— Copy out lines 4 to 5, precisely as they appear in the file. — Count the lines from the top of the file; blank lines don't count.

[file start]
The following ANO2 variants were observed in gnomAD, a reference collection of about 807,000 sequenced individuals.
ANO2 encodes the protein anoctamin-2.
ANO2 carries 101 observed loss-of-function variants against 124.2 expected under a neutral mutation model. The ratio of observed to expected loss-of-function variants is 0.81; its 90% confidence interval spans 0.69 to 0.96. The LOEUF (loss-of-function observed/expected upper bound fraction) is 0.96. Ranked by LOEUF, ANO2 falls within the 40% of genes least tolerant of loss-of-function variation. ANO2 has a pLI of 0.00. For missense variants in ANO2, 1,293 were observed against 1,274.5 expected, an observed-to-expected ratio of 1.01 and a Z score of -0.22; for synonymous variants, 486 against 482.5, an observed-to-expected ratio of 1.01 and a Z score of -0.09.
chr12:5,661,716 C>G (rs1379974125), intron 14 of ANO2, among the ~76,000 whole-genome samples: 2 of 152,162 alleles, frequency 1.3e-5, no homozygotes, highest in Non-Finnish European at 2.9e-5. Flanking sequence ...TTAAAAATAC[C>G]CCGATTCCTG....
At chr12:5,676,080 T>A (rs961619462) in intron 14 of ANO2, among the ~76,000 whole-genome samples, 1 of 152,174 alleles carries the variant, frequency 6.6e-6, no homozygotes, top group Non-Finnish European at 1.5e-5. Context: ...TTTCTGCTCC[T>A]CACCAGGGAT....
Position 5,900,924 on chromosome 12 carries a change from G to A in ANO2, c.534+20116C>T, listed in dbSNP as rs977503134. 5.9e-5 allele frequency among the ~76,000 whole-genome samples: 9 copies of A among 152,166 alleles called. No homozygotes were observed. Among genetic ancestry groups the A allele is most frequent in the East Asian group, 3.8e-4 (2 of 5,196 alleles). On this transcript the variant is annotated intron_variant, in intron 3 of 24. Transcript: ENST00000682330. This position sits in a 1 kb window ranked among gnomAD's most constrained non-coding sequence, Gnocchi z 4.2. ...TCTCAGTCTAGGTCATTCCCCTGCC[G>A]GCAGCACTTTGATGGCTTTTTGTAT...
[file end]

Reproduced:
chr12:5,661,716 C>G (rs1379974125), intron 14 of ANO2, among the ~76,000 whole-genome samples: 2 of 152,162 alleles, frequency 1.3e-5, no homozygotes, highest in Non-Finnish European at 2.9e-5. Flanking sequence ...TTAAAAATAC[C>G]CCGATTCCTG....
At chr12:5,676,080 T>A (rs961619462) in intron 14 of ANO2, among the ~76,000 whole-genome samples, 1 of 152,174 alleles carries the variant, frequency 6.6e-6, no homozygotes, top group Non-Finnish European at 1.5e-5. Context: ...TTTCTGCTCC[T>A]CACCAGGGAT....